Starling Bank, the soon-to-launch app-based bank, has announced a partnership with international money transfer firm TransferWise. The two companies will be tied together via API, allowing Starling customers to make foreign currency payments at the “real” exchange rate, plus a small upfront fee.
Starling Bank unveiled its marketplace open API in February, thereby laying the groundwork for its marketplace platform. The API allows third parties to access Starling’s customer data and to build products on top of the banking platform. Starling’s marketplace, which is underpinned by the API, will provide customers with access to a broad range of financial products, often via fintech partnerships. TransferWise is the first of these partnerships to be announced.
TransferWise allows users to make international transfers from the UK across 35 different currencies, including in euros, US dollars, Indian rupees and Australian dollars. The platform works on peer-to-peer technology, and has raised $91m in venture funding since launching in 2011. In addition to new partner Starling Bank,Transferwise also boasts API integrations with Facebook Messenger and digital bank N26.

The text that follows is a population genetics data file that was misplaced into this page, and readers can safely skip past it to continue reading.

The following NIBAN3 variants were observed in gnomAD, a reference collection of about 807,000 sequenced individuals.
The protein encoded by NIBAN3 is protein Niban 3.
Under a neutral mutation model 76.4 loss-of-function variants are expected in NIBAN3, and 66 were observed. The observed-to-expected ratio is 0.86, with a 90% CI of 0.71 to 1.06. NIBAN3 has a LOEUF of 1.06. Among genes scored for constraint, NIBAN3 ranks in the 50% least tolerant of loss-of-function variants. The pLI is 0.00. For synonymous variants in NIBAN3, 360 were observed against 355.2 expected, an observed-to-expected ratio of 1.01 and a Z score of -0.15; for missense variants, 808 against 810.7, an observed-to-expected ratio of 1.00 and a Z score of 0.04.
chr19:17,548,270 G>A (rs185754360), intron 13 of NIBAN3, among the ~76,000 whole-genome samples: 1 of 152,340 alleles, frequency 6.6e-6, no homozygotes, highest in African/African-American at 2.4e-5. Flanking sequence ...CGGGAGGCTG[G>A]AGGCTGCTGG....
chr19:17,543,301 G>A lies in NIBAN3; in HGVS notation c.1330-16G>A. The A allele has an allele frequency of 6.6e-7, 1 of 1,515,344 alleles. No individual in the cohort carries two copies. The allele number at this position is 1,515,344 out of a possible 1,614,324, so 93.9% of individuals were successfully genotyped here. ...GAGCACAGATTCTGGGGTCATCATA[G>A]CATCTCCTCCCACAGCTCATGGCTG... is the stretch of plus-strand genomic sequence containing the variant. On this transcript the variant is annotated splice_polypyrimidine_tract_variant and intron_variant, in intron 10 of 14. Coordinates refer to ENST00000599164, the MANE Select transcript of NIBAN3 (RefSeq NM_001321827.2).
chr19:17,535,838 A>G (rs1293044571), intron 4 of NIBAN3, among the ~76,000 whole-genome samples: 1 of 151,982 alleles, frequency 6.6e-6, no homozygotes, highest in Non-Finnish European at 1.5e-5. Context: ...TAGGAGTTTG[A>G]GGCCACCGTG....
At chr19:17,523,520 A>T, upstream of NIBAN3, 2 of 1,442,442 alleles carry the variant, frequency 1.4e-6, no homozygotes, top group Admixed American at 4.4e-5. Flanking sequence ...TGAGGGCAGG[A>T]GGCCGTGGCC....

Fintech tie-ups of this kind are becoming increasingly prevalent, and disruptors in the digital banking sector have been a big driver. Only yesterday we reported on the new instant credit offering that has been fashioned by the app bank Revolut and peer-to-peer lender Lending Works.
Commenting on the TransferWise deal, Starling Bank’s chief platform officer Megan Caywood said that offering access to "the best financial products and services in the market" is a key part of the firm’s vision for changing banking.
"TransferWise’s technology and business model have been transformational for millions of people sending money abroad and transferring currencies," she said. "They ensure convenience, offer the real exchange rate, and put the customer first. These are all values that are important to Starling and our partnership signifies a vital step for UK banking customers."